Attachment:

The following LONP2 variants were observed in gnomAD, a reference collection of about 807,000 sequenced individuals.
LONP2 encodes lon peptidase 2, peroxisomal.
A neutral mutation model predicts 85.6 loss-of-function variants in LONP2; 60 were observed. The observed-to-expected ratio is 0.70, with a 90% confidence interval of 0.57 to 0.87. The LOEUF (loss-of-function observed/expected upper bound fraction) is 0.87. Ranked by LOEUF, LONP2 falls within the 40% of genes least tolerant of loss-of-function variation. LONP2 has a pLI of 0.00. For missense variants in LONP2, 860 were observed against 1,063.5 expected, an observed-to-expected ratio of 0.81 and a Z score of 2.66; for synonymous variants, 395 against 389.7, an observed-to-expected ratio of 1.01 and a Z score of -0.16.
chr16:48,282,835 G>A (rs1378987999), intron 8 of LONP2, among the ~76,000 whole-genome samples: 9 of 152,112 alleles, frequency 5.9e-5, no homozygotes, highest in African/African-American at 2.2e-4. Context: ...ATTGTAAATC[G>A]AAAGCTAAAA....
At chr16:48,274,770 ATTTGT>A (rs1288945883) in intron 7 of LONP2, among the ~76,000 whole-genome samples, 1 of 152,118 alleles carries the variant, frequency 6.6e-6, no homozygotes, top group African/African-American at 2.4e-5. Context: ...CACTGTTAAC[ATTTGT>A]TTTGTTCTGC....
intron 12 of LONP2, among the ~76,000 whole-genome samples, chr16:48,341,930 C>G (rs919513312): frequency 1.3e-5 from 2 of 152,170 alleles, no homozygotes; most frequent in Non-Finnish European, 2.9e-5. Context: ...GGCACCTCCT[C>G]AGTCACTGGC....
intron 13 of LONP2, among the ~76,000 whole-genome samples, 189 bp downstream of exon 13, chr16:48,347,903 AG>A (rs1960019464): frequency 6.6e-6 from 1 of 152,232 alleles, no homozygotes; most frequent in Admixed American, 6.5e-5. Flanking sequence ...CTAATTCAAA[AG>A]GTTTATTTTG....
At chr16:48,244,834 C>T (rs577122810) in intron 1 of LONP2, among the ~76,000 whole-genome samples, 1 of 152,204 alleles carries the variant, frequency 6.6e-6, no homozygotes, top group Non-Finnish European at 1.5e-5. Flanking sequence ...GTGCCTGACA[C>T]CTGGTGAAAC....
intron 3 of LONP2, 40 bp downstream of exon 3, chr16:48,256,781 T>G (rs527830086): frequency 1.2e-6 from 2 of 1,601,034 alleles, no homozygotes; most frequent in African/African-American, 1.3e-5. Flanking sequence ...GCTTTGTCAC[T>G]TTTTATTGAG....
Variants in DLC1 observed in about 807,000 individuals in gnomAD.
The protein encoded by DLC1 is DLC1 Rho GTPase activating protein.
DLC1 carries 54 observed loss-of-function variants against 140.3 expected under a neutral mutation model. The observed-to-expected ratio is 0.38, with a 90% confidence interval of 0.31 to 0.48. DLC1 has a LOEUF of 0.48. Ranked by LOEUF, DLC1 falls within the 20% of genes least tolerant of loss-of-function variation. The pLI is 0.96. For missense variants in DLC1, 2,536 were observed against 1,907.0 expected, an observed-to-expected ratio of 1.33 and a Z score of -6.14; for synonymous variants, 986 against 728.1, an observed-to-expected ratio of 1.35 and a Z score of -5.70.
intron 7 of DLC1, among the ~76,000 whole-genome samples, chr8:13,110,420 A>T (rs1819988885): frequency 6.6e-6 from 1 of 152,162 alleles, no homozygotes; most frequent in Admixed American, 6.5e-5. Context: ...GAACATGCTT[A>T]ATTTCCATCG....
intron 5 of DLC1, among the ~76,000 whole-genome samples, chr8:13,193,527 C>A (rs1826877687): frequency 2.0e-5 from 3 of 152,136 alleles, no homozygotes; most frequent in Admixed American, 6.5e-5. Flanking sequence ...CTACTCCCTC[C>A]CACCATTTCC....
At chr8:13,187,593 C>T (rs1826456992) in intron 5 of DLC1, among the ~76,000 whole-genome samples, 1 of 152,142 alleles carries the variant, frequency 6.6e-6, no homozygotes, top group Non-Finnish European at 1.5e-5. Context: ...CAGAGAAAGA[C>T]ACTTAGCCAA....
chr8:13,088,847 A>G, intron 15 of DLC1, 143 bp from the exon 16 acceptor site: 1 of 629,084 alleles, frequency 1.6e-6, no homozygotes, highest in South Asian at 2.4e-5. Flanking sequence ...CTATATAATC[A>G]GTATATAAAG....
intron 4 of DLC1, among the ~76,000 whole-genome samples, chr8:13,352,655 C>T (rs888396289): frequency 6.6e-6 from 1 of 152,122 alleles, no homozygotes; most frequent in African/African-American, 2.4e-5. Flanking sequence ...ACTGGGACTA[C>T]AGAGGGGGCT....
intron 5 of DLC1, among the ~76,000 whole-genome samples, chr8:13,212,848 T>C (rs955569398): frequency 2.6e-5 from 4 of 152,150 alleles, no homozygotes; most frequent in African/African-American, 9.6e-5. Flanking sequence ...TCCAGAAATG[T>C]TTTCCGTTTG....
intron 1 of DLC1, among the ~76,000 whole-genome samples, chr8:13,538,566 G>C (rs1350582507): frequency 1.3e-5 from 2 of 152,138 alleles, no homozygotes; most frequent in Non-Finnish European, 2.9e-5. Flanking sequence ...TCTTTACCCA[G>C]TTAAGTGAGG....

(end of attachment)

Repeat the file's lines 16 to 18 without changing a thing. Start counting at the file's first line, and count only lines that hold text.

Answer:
chr8:13,088,847 A>G, intron 15 of DLC1, 143 bp from the exon 16 acceptor site: 1 of 629,084 alleles, frequency 1.6e-6, no homozygotes, highest in South Asian at 2.4e-5. Flanking sequence ...CTATATAATC[A>G]GTATATAAAG....
intron 4 of DLC1, among the ~76,000 whole-genome samples, chr8:13,352,655 C>T (rs888396289): frequency 6.6e-6 from 1 of 152,122 alleles, no homozygotes; most frequent in African/African-American, 2.4e-5. Flanking sequence ...ACTGGGACTA[C>T]AGAGGGGGCT....
intron 5 of DLC1, among the ~76,000 whole-genome samples, chr8:13,212,848 T>C (rs955569398): frequency 2.6e-5 from 4 of 152,150 alleles, no homozygotes; most frequent in African/African-American, 9.6e-5. Flanking sequence ...TCCAGAAATG[T>C]TTTCCGTTTG....